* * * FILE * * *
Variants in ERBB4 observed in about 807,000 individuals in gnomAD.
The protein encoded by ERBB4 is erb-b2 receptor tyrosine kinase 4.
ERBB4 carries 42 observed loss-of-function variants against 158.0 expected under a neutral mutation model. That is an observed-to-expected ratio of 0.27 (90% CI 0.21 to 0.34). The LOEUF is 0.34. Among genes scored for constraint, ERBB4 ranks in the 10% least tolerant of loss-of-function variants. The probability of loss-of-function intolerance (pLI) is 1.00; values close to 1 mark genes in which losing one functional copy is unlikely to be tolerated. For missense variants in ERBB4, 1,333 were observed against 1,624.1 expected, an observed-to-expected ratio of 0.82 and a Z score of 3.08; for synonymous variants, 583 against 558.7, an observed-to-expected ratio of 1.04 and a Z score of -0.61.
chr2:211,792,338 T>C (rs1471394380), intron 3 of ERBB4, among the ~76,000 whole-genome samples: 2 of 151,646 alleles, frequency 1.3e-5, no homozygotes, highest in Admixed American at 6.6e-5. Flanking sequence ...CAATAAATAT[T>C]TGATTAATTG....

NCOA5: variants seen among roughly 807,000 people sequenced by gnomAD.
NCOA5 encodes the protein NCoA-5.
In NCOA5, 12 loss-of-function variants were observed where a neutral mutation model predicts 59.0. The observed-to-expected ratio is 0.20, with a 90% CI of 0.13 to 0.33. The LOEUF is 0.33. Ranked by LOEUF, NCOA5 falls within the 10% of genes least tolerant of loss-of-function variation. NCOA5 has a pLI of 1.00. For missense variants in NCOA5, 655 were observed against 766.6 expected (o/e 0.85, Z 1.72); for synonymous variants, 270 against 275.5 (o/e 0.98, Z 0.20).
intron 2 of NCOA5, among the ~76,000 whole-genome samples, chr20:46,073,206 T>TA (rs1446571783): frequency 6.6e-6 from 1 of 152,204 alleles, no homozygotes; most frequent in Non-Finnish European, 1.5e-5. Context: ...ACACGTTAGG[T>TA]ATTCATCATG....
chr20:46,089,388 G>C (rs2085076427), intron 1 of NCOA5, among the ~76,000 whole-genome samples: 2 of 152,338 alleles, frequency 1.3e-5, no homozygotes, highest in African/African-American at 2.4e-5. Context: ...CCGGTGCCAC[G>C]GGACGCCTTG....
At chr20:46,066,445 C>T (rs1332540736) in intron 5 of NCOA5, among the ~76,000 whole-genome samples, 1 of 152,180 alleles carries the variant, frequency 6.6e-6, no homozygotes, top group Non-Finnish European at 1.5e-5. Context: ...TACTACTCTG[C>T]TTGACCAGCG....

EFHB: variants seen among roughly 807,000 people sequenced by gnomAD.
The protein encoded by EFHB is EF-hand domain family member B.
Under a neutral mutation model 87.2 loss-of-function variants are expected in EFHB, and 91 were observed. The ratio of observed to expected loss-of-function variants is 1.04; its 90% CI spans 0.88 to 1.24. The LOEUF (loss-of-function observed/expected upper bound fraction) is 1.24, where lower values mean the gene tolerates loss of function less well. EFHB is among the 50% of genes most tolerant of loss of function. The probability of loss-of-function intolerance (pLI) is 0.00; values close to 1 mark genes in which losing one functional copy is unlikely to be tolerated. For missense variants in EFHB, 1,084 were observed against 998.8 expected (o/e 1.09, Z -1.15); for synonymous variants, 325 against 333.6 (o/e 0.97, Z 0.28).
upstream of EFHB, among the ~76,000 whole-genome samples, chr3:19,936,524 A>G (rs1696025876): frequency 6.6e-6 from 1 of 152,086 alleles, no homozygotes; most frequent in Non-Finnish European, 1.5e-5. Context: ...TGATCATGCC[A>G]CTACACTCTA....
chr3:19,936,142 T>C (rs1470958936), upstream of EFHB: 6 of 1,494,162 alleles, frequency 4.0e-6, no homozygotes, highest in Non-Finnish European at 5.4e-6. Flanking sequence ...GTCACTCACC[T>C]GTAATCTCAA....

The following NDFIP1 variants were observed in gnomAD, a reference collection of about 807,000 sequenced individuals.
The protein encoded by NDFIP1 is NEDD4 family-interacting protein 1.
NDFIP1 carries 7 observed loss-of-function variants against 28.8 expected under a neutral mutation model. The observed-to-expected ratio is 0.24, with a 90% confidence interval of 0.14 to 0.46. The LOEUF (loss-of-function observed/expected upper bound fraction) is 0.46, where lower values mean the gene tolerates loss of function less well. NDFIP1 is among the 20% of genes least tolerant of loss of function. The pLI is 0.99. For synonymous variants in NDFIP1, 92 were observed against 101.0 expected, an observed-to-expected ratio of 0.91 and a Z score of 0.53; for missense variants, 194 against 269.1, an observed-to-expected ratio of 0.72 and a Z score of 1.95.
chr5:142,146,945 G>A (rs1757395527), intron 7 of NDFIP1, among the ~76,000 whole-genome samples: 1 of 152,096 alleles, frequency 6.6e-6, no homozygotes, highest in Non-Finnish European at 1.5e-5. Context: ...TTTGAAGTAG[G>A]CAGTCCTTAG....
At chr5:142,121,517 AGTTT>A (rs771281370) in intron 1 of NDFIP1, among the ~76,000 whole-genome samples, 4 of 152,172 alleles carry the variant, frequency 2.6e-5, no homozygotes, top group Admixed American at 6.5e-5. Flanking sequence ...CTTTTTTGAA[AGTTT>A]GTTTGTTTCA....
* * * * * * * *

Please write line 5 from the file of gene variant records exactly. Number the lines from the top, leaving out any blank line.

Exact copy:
NCOA5: variants seen among roughly 807,000 people sequenced by gnomAD.